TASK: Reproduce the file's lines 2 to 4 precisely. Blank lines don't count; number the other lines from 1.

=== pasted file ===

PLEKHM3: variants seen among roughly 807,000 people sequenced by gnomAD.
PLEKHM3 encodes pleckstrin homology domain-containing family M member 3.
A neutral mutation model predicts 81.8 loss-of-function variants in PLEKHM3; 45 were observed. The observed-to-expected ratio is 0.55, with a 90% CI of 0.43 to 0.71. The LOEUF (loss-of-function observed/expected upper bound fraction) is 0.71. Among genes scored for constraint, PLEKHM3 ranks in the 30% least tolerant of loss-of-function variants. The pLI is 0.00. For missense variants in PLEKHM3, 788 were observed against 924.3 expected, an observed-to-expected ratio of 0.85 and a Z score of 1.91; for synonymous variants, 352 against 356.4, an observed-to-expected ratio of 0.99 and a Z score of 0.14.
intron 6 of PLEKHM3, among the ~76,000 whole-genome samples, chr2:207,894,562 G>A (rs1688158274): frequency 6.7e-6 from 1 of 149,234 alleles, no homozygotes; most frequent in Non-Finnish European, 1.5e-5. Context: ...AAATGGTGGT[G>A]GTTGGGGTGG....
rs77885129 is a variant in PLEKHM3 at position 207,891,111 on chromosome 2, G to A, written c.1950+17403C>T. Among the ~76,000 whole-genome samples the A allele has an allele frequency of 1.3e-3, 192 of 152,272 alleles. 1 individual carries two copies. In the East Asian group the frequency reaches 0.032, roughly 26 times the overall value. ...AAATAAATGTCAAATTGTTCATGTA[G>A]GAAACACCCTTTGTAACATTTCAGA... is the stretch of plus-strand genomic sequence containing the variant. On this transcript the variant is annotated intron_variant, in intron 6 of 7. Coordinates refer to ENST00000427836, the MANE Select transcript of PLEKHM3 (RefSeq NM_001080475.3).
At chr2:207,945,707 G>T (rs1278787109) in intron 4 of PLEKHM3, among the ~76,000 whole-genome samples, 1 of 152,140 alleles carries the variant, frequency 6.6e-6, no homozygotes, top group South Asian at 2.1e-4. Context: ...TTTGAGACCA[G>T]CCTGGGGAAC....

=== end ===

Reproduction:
PLEKHM3 encodes pleckstrin homology domain-containing family M member 3.
A neutral mutation model predicts 81.8 loss-of-function variants in PLEKHM3; 45 were observed. The observed-to-expected ratio is 0.55, with a 90% CI of 0.43 to 0.71. The LOEUF (loss-of-function observed/expected upper bound fraction) is 0.71. Among genes scored for constraint, PLEKHM3 ranks in the 30% least tolerant of loss-of-function variants. The pLI is 0.00. For missense variants in PLEKHM3, 788 were observed against 924.3 expected, an observed-to-expected ratio of 0.85 and a Z score of 1.91; for synonymous variants, 352 against 356.4, an observed-to-expected ratio of 0.99 and a Z score of 0.14.
intron 6 of PLEKHM3, among the ~76,000 whole-genome samples, chr2:207,894,562 G>A (rs1688158274): frequency 6.7e-6 from 1 of 149,234 alleles, no homozygotes; most frequent in Non-Finnish European, 1.5e-5. Context: ...AAATGGTGGT[G>A]GTTGGGGTGG....